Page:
Quantum computers exploit quantum physical phenomena such as quantum entanglement. This allows them to solve particular problems, like factoring large numbers, exponentially faster than any classical machine. The “quantum speed-up” has recently also raised the interest of big companies, who are currently investing substantially in the development of quantum technologies. In my talk, I will explain the basic principles of quantum information processing, and also point to some dangers. For example, the ability to factor large numbers will render many of our current cryptosystems insecure.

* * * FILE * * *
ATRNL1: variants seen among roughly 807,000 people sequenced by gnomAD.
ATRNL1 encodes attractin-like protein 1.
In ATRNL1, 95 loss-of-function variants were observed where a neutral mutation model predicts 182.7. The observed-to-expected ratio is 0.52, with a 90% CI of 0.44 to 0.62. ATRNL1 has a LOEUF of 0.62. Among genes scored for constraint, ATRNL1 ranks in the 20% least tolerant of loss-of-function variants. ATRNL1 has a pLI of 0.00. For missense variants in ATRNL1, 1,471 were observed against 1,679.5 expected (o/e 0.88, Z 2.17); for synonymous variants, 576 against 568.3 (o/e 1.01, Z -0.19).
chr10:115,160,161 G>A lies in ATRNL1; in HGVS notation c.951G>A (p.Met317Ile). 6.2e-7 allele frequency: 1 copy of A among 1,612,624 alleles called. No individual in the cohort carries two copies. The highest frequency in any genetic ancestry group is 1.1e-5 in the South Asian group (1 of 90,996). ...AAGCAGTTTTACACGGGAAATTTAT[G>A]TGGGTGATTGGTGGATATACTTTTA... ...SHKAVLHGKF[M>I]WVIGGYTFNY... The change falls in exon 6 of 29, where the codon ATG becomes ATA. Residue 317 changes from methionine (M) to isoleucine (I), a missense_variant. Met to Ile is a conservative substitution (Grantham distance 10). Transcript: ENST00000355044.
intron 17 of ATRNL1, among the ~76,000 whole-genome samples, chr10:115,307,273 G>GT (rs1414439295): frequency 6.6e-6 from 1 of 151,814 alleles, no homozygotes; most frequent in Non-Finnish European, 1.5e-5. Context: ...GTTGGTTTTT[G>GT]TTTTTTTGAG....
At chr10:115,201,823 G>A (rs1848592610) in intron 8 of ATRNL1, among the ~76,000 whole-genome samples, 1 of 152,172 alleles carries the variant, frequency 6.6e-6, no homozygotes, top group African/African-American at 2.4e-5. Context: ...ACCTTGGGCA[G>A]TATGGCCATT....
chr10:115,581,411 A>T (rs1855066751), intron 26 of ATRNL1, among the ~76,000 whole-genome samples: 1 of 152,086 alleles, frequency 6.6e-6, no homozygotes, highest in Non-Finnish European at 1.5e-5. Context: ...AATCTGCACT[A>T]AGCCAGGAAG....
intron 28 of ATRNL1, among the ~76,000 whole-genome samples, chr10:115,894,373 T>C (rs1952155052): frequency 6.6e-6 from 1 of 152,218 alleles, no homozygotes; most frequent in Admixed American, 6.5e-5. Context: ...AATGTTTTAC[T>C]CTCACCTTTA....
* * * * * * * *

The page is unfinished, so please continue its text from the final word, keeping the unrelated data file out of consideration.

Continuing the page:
Renato Renner is Professor for Theoretical Physics and head of the research group for Quantum Information Theory. Renner was born on December 11, 1974, in Lucerne. He studied physics, first at EPF Lausanne and later at ETH Zurich, where he graduated in theoretical physics. He then moved to the Computer Science Department to work on a thesis in the area of quantum cryptography. After getting his PhD degree, he spent two years in the UK, where he was a HP research fellow in the Department for Applied Mathematics and Theoretical Physics at the University of Cambridge. In 2007 he started as an Assistant Professor at ETH Zurich. He was promoted in 2012 to an Associate Professor and in 2015 to a Full Professor. His research interests are in the area of Quantum Information Science, Quantum Thermodynamics, and the Foundations of Quantum Physics.